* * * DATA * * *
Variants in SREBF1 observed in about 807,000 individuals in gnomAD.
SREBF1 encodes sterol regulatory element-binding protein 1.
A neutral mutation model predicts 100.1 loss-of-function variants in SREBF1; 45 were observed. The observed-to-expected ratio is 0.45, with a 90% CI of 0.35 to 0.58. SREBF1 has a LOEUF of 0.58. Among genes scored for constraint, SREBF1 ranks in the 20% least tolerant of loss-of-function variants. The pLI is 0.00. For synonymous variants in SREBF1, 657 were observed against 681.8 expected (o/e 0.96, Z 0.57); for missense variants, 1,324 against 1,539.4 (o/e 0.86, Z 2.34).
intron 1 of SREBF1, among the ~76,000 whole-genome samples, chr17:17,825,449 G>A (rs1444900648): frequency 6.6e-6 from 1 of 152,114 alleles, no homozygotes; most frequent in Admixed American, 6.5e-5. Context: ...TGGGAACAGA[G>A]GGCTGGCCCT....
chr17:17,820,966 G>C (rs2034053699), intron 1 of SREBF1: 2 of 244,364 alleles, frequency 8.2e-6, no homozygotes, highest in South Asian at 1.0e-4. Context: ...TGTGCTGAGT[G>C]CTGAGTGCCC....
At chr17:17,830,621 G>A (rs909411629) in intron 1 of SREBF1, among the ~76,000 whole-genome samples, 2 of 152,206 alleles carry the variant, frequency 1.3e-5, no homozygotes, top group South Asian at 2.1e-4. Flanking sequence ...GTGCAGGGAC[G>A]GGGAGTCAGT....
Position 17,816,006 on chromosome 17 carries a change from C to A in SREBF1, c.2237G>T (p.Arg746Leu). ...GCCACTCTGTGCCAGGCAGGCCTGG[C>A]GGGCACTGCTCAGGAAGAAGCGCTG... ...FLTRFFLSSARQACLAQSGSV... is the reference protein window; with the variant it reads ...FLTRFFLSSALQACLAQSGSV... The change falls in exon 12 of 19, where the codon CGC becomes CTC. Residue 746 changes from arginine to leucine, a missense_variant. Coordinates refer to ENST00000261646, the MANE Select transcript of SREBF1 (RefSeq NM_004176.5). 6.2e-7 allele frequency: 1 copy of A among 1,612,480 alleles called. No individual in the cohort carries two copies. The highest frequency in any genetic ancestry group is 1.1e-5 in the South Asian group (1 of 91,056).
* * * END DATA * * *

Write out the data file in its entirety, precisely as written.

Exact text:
Variants in SREBF1 observed in about 807,000 individuals in gnomAD.
SREBF1 encodes sterol regulatory element-binding protein 1.
A neutral mutation model predicts 100.1 loss-of-function variants in SREBF1; 45 were observed. The observed-to-expected ratio is 0.45, with a 90% CI of 0.35 to 0.58. SREBF1 has a LOEUF of 0.58. Among genes scored for constraint, SREBF1 ranks in the 20% least tolerant of loss-of-function variants. The pLI is 0.00. For synonymous variants in SREBF1, 657 were observed against 681.8 expected (o/e 0.96, Z 0.57); for missense variants, 1,324 against 1,539.4 (o/e 0.86, Z 2.34).
intron 1 of SREBF1, among the ~76,000 whole-genome samples, chr17:17,825,449 G>A (rs1444900648): frequency 6.6e-6 from 1 of 152,114 alleles, no homozygotes; most frequent in Admixed American, 6.5e-5. Context: ...TGGGAACAGA[G>A]GGCTGGCCCT....
chr17:17,820,966 G>C (rs2034053699), intron 1 of SREBF1: 2 of 244,364 alleles, frequency 8.2e-6, no homozygotes, highest in South Asian at 1.0e-4. Context: ...TGTGCTGAGT[G>C]CTGAGTGCCC....
At chr17:17,830,621 G>A (rs909411629) in intron 1 of SREBF1, among the ~76,000 whole-genome samples, 2 of 152,206 alleles carry the variant, frequency 1.3e-5, no homozygotes, top group South Asian at 2.1e-4. Flanking sequence ...GTGCAGGGAC[G>A]GGGAGTCAGT....
Position 17,816,006 on chromosome 17 carries a change from C to A in SREBF1, c.2237G>T (p.Arg746Leu). ...GCCACTCTGTGCCAGGCAGGCCTGG[C>A]GGGCACTGCTCAGGAAGAAGCGCTG... ...FLTRFFLSSARQACLAQSGSV... is the reference protein window; with the variant it reads ...FLTRFFLSSALQACLAQSGSV... The change falls in exon 12 of 19, where the codon CGC becomes CTC. Residue 746 changes from arginine to leucine, a missense_variant. Coordinates refer to ENST00000261646, the MANE Select transcript of SREBF1 (RefSeq NM_004176.5). 6.2e-7 allele frequency: 1 copy of A among 1,612,480 alleles called. No individual in the cohort carries two copies. The highest frequency in any genetic ancestry group is 1.1e-5 in the South Asian group (1 of 91,056).